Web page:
Tuesday, October 27, 2009

As A New Season Approaches ...

Hello All,

As a new season approaches, I am about to put this one behind me! My hamstring is coming along really well. As of last Friday, the ultrasound revealed that the tear is down to 4mm x 2mm and there is no scar tissue left. I have had two series of plasma injections, weekly massage, and started with physiotherapy to work eccentric load on the muscle. In the next 2-3 weeks I should be able to put this injury behind me and feel stronger and wiser to start a new season.

In the coming weeks I'll complete a stress test with my sport psychologist and determine my level of stress whether I've rested enough to start a new season! And where that will be ... I still don't know. I am in conversation with a couple coaches and will know for sure in the coming weeks. So stay posted!

I hope you are all doing well. I hope those of you who competed in the cross country meet performed well and had some fun out there with your fellow runners! Keep up the great work!

Your Athlete,

Monday, October 19, 2009

Support Canadian Athletes!


Here is a great video, sent to me by my sport psychologist to help gain perspective. I hope we can all get behind our Canadian Athletes this coming Winter Olympics and just support them all the way!

Click here for the video.

Your Athlete,

Photos from Arles Competition

12 Meeting International d'Athlétisme d'Arles

6 & 7 June 2009

Final score: 5696 points - 6th place finish

Your Athlete,

Jeux de la Francophonie

What a learning and eye opening experience the Francophone Games was for me! I arrived and it was a complete shock to my system and emotional state and I even considered just turning around and going back home. However, being able to adapt to tough and uncontrollable circumstances is also a part of being at this level in sports and competing in international competitions.

Before coming, we were informed of the Canadian travel advisory to Lebanon. However, somewhat naïve, you think if they designate this a competition site, then it must be considered safe on some level. Not so much! We had 24 hour military escorts to go just about anywhere. The track was only about 20 mins down the road from the village, however, we first had to load onto a special bus, and the military and police guided the bus down the road. The frustrating thing was that this whole process took up to two hours!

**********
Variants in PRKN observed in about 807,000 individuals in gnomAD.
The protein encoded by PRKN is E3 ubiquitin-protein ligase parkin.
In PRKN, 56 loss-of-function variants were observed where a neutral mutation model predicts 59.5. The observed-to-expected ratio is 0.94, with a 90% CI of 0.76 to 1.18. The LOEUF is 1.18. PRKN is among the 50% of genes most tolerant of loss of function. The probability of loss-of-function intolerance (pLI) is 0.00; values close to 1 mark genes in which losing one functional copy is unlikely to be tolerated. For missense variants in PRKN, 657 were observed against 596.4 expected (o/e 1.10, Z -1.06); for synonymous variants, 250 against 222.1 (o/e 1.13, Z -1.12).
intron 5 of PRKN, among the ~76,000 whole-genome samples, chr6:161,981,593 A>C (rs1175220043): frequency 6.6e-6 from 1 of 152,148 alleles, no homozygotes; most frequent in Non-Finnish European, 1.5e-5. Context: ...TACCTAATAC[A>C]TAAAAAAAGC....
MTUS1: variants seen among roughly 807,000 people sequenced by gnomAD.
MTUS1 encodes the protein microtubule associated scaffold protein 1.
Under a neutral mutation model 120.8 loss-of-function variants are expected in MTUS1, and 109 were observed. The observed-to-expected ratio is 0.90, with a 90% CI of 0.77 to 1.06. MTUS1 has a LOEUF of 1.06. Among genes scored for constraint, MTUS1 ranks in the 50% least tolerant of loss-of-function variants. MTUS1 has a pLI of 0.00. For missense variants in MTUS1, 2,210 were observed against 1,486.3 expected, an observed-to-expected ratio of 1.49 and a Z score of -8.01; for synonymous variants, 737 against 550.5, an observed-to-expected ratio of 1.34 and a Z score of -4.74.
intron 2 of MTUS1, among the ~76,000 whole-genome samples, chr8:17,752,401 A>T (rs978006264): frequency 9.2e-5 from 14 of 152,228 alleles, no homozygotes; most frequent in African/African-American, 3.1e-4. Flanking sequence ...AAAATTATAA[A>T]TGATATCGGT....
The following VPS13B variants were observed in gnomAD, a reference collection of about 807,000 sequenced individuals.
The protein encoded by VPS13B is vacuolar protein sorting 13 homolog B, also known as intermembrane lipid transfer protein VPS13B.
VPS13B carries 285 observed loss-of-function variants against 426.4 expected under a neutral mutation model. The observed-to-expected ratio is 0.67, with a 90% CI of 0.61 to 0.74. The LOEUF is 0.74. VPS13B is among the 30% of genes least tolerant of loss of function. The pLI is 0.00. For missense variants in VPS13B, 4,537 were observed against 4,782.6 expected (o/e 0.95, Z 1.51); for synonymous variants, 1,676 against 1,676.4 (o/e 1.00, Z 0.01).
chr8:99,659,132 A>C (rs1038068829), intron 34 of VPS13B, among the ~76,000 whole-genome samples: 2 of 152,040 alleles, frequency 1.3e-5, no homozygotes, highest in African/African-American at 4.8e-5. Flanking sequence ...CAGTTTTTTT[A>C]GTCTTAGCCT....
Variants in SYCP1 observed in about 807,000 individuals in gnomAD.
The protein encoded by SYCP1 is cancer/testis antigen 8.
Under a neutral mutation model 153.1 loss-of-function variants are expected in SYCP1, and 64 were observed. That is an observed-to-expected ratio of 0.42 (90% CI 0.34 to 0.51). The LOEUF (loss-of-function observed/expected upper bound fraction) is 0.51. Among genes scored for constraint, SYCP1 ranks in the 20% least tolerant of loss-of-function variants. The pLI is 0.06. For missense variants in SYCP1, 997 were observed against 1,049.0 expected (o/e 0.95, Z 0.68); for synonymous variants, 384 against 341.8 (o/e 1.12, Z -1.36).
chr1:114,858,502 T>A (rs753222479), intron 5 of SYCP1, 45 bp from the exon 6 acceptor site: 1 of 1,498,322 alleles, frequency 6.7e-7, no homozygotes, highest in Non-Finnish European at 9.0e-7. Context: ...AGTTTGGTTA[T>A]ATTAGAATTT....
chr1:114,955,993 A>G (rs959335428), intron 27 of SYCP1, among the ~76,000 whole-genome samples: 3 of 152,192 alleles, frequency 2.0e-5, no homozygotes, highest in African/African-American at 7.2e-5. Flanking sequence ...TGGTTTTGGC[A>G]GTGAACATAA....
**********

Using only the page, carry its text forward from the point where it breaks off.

After dealing with the shock, I experienced the first couple of days here and leaning to just accept it for what it was, I started to just relax and focus on the reasons I was there – to compete and take in the experience of a multisport international competition. I was training every day and just focused on being ready to compete. However, four days out of the competition, during my last speed session, and my last 150m I tore my right hamstring. It was frustrating, as there was no indication or pain or tension in the muscle, it just tore mid-stride, and I was finished. I dropped to the track, experienced the fear of being in the hands of the Lebanese Ambulance crew, as I was rushed to the medical centre. Thankfully Team Canada sent a full medical staff, so I was treated by Canadian doctors and physiotherapists.

Unfortunately, putting an early finish on an already frustrating season, I did not compete. I was determined and tried to work with physiotherapist there daily, 2-3 per day, but there was only so much that could be done for a hamstring tear. So sadly, after speaking with the doctors, and still trying to warm up and compete, the pain was too high, and the risk too great, so I had to withdraw before the start of the hurdles.

Now I am back to working with Dr. Galea in Toronto to undergo plasma platelet injections and will soon start with physiotherapy, under the direction of Kevin Hickey and resume eccentric work to rebuild strength in my hamstring. I hope that in 3-4 weeks I am fully recovered and able to start my base training for a new season.

Your Athlete,